He says that we should all be careful, because in a given situation, anyone can end up looking like a fool. The example he gives was witnessing a senior member of the House of Reps absolutely chew out a young reporter for a bad question. The question was bad, Brooks concedes, but the Rep was the one who looked like a fool for making a scene and showing his arrogance.

Piggybacking off FranT’s How Skelly Are Skells it raises the question: how gladly/lightly should you suffer fools? 

How Should We Treat Future Lottery Picks?

Almost a year ago, I wrote a blog for a buddy's site called "One and  Done 101" about Kentucky's national championship and what it meant for the "one and done" culture of college basketball. As FranT pointed out last week, Kentucky ain't repeating, but their roster still contains guys that may or may not split for the NBA Draft in June, and the issue remains. I should note that this little proposition of mine is only applicable if the eligibility rules stay the same; whether or not a kid should be able to make the jump from high school, or if a kid should have to do multiple years in college, is another discussion altogether. As conference tournaments get in full swing and March Madness looms large, what better time to revisit this idea. So here's my idea, The One and Done Degree.

April 13,2012
Everyone is talking about the ramifications of John Calipari's dream team of underclassmen winning the National Championship last Monday. The game as we know it has changed, the "19 years old and one year removed from high school" rule is useless, say goodbye to great team basketball; you've heard it all. College hoops has basically done a 180 since the days when Kareem/Lew and Bill Walton weren't allowed to play on varsity as freshmen: instead of being forced to sit out because of their age, freshmen today are forced to be in school and on the team and a select few of them just won the national championship.

The general sentiment seems to be reluctant and unenthusiastic acceptance. Like "yeah, there's technically nothing wrong with these one and dones, but we miss the old way". I, however, think we need to fully embrace this new shift head on, and it needs to come from all directions. Not just fans embracing an emerging paradigm of a team, but universities making the most of the limited credits they are offering and knowledge that they are imparting on these athletes. That's why I created a solution.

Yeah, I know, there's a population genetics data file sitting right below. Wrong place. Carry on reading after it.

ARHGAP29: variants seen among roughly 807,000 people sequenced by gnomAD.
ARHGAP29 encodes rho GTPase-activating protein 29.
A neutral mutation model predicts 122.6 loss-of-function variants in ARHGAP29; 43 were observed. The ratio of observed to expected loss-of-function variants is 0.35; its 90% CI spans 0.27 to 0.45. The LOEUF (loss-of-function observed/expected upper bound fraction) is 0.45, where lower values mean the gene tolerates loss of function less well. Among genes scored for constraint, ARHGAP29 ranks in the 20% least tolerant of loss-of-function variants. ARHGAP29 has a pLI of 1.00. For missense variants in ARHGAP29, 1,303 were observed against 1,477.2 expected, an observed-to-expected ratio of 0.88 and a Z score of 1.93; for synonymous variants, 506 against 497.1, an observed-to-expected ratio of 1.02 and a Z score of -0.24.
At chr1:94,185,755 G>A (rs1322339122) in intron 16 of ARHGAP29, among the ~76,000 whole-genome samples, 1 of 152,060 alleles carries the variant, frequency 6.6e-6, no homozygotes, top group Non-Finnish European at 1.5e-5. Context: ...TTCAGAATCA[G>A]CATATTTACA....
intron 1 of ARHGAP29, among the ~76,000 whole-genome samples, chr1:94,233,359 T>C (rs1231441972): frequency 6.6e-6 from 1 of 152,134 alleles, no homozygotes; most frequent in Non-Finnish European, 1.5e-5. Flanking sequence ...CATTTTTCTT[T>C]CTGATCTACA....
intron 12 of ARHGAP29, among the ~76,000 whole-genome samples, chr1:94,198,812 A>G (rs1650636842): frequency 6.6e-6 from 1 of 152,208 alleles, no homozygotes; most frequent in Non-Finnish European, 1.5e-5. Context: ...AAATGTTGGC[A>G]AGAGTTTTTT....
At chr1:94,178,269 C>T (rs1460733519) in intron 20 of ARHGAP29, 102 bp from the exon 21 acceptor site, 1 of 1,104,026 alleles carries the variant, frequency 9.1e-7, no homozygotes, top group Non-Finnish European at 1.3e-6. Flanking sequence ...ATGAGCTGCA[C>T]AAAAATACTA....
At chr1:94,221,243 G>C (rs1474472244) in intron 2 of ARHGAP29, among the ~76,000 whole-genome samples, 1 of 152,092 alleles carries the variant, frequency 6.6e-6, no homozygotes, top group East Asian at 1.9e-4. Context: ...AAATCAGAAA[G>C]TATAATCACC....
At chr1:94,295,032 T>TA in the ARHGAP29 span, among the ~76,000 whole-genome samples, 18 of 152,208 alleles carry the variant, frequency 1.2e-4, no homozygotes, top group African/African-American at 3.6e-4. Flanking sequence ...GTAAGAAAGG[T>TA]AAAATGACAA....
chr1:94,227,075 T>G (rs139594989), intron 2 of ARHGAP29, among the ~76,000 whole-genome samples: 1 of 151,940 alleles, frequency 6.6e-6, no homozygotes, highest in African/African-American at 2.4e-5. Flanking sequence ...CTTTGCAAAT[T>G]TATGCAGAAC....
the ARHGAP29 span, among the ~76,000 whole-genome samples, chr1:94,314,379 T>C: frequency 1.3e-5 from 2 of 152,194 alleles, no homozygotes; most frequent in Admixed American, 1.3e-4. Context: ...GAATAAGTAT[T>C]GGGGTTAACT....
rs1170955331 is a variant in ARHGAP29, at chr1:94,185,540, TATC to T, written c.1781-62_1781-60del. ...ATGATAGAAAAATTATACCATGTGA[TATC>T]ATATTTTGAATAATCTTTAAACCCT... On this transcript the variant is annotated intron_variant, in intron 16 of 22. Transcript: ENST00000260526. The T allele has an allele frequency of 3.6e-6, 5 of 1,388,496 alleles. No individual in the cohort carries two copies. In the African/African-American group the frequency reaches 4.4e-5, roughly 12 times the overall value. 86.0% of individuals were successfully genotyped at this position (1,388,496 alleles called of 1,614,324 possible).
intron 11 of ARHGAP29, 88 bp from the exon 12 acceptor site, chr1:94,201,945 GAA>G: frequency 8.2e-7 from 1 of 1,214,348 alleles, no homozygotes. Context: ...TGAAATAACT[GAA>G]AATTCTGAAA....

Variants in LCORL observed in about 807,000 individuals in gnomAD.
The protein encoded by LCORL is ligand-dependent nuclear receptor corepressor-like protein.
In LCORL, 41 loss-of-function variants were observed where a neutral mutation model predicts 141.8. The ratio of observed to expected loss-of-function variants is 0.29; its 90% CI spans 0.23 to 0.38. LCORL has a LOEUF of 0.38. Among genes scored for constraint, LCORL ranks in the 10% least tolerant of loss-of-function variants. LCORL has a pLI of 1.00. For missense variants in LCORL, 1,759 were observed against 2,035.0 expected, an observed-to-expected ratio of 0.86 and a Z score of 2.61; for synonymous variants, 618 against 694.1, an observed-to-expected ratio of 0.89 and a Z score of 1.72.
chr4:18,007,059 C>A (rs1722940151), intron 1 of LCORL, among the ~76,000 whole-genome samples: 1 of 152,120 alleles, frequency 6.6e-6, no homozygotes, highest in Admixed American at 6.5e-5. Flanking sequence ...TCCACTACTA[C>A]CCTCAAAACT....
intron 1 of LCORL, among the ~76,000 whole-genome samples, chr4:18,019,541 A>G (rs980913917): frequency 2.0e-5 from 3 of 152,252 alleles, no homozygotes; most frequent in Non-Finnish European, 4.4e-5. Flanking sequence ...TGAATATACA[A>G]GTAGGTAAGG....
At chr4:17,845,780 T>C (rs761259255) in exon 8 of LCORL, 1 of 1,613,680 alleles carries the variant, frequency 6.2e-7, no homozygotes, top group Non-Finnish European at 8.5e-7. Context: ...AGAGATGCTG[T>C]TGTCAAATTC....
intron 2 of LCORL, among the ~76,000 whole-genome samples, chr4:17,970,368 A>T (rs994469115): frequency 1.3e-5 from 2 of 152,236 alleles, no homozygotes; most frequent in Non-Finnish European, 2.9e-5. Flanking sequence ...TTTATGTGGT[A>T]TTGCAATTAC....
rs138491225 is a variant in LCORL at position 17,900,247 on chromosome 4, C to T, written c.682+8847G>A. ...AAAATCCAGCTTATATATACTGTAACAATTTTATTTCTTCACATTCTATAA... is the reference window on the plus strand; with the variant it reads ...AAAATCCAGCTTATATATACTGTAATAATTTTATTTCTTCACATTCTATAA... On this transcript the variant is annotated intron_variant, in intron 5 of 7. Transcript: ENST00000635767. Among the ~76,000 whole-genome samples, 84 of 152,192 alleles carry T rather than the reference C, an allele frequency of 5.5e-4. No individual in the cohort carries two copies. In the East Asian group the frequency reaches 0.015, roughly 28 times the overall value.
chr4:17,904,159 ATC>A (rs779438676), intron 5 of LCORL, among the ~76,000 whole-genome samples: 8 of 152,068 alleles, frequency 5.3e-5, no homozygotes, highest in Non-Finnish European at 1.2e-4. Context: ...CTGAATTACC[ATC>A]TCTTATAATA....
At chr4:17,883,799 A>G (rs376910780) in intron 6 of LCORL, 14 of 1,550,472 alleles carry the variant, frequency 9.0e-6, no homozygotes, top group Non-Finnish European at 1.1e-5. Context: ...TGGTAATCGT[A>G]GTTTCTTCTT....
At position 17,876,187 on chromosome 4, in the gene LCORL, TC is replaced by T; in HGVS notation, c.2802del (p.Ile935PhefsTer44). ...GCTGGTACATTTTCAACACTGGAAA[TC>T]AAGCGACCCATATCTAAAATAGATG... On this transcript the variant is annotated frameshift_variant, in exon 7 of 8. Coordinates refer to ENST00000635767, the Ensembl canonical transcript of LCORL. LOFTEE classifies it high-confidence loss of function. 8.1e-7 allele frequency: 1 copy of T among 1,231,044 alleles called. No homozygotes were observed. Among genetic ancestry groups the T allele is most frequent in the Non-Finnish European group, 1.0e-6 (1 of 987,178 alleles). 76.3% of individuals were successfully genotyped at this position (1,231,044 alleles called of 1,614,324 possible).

The One and Done Degree!

Wednesday, March 13, 2013

How Much Do I Have in Common with the New Pope?

Associated Press--Known until Wednesday as Jorge Bergoglio, the 76-year-old is known as a humble man who denied himself the luxuries that previous Buenos Aires cardinals enjoyed. He came close to becoming pope last time, reportedly gaining the second-highest vote total in several rounds of voting before he bowed out of the running in the conclave that elected Pope Benedict XVI.
Groups of supporters waved Argentine flags in St. Peter's Square as Francis, wearing simple white robes, made his first public appearance as pope.

"Ladies and Gentlemen, good evening," he said before making a reference to his roots in Latin America, which accounts for about 40 percent of the world's Roman Catholics.
Bergoglio often rode the bus to work, cooked his own meals and regularly visited the slums that ring Argentina's capital. He considers social outreach, rather than doctrinal battles, to be the essential business of the church.
He accused fellow church leaders of hypocrisy and forgetting that Jesus Christ bathed lepers and ate with prostitutes.

On the surface, it seems like I have a lot in common with the newly-appointed pope. Take a look:
Name: FranT also goes by the name Francis and is also named after Saint Francis of Assisi.
Religious Affiliation: Catholic, obviously. And like the new pope, FranT is a Jesuit at heart after attending Loyola High School in Manhattan. Ad maiorem dei gloriam, baby!
Geographical Background: America(s) the Beautiful.
Acceptance of the Marginalized: Pope Francis says, "Jesus Christ bathed lepers and ate with prostitutes." FranT says, "I love skells!"
Transportation Preference: Public.

However, when you dig a little deeper, those similarities begin to disintegrate.
Name: FranT most often goes by Francis when being addressed by bartenders in possession of his credit card. Otherwise, it's usually just Fran. As far as the Francis of Assisi connection goes, you wouldn't exactly call FranT an animal lover. Let's just say that some of his hobbies as a child put a dent in the Canadian goose population of Peach Lake.
Religious Affiliation: FranT "gave up" candy this Lent and then forgot and ate a bunch of chocolate on Valentine's Day. Also, if Mallomars count as candy, I've broken my Lenten sacrifice pretty much every night. As for the Jesuit connection, most of the priests at my high school weren't exactly thrilled that I picked non-Jesuit Notre Dame over Boston College.